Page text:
Partnership is a word that is used in a variety of ways which often causes confusion if it is not clarified from the very beginning. As I start to create a new space for innovation in STEM education, it will be important for us to clarify what we mean by partnerships. Partnership means a lot of different things for different people, institutions, and organizations.

Over the years, I have found that “partnership” typically refers to both formal and informal agreements. It is not always clear if the partnership is a formal agreement or an informal relationship until you specifically ask. It would be safe to presume that if an organization is using the logo of another on their publications or public communication channels, that the partnership is most likely formal but I have discovered that sometimes it is still worth confirming… (The digital age with so many tools to create digital content so easily has created a world where critical thinking is so important… this for another post…)

Partnerships can be:

  • A formal or informal agreement where one organization gives a product, service, or donation to another organization.
  • A formal or informal agreement where in-kind support is provided to another.
  • A formal or informal agreement that commits to collaborative work together. (Collaboration though seems to also have different understandings… another post??)

There are probably other models of “partnerships” not mentioned here but as you can see, we speak about partnerships in very broad definitions which at times can cause confusion. Partnerships require clarity on the work together which includes not only defining the use of resources but also agreement on the intended outcomes of the work and the impact that all partners are wishing to have. There is also a need to define the working relationship and how the work will be shared.

As I continue to reach out to partners for the work we will do, it is clear that we will need to define what our operating definition of partnership means for us. The following is my current working definition of “partnership”… this work will evolve over time and I’m sure as we start to work with innovative partners, we will continue to shift and adapt this definition together. This is my thinking for now…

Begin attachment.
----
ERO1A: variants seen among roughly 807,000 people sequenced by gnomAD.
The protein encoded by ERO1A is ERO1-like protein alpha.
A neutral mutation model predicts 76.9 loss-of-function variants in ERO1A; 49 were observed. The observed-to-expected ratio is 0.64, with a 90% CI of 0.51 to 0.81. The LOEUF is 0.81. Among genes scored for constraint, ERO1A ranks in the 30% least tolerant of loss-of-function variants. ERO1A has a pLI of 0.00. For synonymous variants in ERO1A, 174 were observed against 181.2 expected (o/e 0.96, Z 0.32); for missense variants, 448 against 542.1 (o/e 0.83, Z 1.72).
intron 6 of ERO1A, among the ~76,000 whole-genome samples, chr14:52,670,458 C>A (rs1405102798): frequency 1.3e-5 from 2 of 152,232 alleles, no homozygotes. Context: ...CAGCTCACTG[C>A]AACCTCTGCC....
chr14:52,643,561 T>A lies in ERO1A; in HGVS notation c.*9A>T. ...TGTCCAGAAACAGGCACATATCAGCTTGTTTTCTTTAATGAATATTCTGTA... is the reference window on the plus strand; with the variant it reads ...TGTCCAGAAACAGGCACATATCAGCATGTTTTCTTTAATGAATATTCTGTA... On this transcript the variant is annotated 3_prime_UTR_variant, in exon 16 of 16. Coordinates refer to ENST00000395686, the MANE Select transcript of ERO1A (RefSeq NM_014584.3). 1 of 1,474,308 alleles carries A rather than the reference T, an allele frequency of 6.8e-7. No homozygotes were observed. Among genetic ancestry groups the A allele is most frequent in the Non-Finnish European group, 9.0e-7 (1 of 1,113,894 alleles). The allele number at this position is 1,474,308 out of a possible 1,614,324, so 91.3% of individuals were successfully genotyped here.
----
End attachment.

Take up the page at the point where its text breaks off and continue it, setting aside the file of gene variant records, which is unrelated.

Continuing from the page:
1. Are reciprocal. All partners within the partnership feel valued and gains from the relationship.
  2. Have contributing partners who each bring assets to the relationship. The assets can include a variety of different resources such as subject matter expertise, capital resources, skills, and access to networks. True partners are active participants on the work willing to adapt, shift, pivot, and change throughout the process.
  3. Have a shared vision with clear goals and measures of success. Successful partnerships require all partners to have a common shared vision and goal for the work together.
  4. Are committed to both the successes and the failures. Working together is challenging work that is not easy. It often results in debate and conflicting ideas. Partners must be willing to challenge each other, learn to be both right and wrong at the same time, and design new possibilities in the spaces between.
  5. Must be diverse. We cannot solve problems without diverse perspectives. Without diverse perspectives, we will continue to create solutions that fall short and does not meet the needs of our society.
  6. Must be transparent. Effective collaboration requires trusting working relationships. Trust is built over time and can only be built when working relationships are transparent.

Let’s build networks and partnerships for STEM Education!

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